This weekend saw an upheaval few of us could have predicted in response to President Trump’s ban on immigration. From the President’s point of view it was making good on a promise to make America safer. For many others it was un-American, unconstitutional, and a troubling step away from the kind of country we want to be.

Trump is not the first authority figure to have his intention smashed by backlash. It happens every time someone attempts to address a complex problem with a simple, seemingly straight-forward action. Trump has since issued an explanation that his intent was to only make us safe unlike our friends in Europe and that his label never was religious – only security related. Once again the facts don’t support the strategy – since 2001 of the 161 people charged with plotting to attack the US only 11 came from the listed countries. Security in Europe is also a complex problem featuring border issues, security as well as deep racial bias that fuels enmity on both sides.

While campaigning for office, candidates often make promises – nearly always exactly what their authorizers want to hear. Criticizing government and running government are two different activities. President Trump is learning this truth one executive order at a time. The good news we have a set of checks and balances in America that keep us from veering too far off the path. The bad news is the path is unclear. The most troubling of all is what is going to happen to the frustration in the system when people realize President Trump can’t or won’t solve their problems and restore the “good old days.” Then we will be in serious trouble!

A few thoughts for moving ahead –

Diagnosis is the most important leadership skill. Let’s decide which problem we are solving first. Leaping to action brings the kind of collateral damage we saw over the weekend that not only fails to solve the problem, it may in fact make things worse (in this case – less safe.)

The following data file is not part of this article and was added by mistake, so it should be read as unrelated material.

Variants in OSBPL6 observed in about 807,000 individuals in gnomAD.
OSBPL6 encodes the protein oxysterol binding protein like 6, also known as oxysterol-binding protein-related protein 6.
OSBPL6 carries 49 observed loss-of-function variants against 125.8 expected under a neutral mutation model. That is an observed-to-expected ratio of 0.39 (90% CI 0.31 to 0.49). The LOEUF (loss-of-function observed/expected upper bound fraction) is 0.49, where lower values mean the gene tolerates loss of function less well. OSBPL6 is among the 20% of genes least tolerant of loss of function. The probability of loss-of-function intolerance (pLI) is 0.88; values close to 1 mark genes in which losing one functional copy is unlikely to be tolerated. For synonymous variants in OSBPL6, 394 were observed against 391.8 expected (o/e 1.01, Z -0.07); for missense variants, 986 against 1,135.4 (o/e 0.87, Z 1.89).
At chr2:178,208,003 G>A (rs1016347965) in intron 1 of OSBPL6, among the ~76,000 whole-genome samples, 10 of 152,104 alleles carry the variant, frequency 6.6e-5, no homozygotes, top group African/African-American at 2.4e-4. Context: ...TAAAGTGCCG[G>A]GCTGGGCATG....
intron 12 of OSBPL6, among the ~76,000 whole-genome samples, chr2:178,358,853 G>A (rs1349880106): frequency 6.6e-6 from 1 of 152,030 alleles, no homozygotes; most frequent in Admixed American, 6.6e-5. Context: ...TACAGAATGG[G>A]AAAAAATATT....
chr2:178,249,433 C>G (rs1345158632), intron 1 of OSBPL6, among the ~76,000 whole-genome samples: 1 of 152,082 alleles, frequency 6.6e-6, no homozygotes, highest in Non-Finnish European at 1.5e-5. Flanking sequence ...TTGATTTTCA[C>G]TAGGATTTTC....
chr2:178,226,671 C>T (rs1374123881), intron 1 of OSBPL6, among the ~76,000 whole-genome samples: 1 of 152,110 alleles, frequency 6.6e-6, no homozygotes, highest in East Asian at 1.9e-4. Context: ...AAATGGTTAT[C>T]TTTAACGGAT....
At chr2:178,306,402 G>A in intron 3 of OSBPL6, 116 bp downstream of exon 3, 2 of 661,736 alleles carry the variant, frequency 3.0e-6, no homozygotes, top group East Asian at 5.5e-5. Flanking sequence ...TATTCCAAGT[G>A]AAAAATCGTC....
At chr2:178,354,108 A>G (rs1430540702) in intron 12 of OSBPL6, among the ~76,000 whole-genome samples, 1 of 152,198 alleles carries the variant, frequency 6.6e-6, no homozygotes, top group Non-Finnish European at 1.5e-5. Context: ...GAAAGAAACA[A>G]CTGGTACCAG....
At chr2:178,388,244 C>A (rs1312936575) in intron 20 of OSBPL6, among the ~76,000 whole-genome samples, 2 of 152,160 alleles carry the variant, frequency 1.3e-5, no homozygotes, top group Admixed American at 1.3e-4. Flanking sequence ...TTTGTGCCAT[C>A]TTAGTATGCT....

Two, finding partners is one way to ensure you are acting systemically. The President is risking the alliances available to him by asserting he, and he alone will solve our problems.

Measure what matters – how will this or any step we take make us safer? How would we know? What are the measures that indicate we are making progress not just producing a new variant of the same problem? And what will this approach cost us that may be equally precious to us?

The immigration ban is the highest profile issue – but this scenario is played out daily in organizations. If you are in charge, ask yourself and your leadership team these questions:

  1. What keeps happening that needs to stop? What needs to start happening? What is happening that we need to ensure will continue to happen?
  2. Who are the people with the problem? How can we join up to solve the problem we face together?
  3. Which metrics that matter to us best we keep an eye on to make progress and not just change for change sake?

Perhaps these questions would have helped the President get more of what he wanted over the weekend? My guess is they were never asked. He is under a ton of pressure to deliver. What’s your excuse?